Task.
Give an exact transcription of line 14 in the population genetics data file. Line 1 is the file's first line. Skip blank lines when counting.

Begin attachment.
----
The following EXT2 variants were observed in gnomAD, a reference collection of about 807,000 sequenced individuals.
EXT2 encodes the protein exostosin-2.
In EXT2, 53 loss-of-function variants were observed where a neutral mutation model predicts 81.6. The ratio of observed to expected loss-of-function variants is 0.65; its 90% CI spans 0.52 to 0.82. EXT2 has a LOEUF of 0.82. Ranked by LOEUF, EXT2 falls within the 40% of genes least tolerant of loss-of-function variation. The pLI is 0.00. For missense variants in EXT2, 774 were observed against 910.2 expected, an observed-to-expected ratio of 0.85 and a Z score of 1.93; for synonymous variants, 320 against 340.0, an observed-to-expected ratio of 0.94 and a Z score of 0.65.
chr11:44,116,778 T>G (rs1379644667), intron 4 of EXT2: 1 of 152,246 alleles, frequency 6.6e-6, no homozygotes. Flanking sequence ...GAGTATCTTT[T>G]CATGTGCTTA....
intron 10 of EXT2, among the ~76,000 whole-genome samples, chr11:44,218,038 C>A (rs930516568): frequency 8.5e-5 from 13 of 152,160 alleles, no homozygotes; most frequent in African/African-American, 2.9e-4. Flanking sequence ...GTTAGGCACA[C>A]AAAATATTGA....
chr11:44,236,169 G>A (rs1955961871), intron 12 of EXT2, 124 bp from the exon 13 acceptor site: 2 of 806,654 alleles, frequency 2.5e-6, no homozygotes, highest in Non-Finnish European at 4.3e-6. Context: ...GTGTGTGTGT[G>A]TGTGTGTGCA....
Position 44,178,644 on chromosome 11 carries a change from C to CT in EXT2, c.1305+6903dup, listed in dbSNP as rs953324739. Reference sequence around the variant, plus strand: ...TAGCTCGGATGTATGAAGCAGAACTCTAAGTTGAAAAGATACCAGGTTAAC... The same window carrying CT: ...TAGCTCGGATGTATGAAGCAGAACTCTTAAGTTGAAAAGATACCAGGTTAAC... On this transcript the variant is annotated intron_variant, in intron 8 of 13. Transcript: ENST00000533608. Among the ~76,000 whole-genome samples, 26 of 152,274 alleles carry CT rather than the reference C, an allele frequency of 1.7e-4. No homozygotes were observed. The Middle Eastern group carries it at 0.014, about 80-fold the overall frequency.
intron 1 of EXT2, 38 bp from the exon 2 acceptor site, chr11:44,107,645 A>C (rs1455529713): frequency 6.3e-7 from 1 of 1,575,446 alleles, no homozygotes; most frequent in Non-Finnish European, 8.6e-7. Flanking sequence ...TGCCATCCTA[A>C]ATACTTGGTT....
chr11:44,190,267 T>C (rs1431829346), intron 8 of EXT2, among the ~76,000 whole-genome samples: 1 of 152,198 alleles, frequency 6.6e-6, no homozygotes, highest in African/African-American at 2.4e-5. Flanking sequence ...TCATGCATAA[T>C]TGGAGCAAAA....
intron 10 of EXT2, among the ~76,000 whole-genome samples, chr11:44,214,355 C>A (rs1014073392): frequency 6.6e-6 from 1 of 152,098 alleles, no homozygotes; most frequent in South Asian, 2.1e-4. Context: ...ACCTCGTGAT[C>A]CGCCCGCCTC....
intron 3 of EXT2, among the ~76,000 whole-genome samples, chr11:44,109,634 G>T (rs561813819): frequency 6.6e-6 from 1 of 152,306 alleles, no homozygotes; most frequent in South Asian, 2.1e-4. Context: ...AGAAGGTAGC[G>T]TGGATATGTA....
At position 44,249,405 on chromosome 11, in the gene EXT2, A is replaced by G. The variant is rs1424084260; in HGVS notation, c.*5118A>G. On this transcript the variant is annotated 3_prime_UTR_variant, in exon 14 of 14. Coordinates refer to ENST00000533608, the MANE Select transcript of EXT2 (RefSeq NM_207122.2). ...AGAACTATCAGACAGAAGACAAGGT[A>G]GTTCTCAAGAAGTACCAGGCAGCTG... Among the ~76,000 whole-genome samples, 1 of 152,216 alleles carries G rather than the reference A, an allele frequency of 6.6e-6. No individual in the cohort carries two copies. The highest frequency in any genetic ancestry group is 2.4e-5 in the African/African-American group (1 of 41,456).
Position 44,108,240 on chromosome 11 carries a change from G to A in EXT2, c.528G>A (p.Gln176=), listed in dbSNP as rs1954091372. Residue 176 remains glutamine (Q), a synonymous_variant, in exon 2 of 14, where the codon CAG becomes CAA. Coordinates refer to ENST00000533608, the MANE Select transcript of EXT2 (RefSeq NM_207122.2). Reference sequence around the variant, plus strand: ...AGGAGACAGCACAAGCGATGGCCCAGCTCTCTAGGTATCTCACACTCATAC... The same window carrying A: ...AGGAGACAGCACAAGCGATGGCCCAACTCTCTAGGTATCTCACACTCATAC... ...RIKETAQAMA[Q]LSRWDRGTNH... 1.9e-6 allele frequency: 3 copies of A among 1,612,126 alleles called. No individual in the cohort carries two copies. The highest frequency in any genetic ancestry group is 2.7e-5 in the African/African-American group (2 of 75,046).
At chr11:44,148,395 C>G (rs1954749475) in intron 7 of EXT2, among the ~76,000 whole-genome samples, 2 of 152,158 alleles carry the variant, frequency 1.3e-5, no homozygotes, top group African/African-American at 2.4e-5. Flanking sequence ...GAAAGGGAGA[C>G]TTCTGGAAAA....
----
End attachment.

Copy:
At chr11:44,148,395 C>G (rs1954749475) in intron 7 of EXT2, among the ~76,000 whole-genome samples, 2 of 152,158 alleles carry the variant, frequency 1.3e-5, no homozygotes, top group African/African-American at 2.4e-5. Flanking sequence ...GAAAGGGAGA[C>G]TTCTGGAAAA....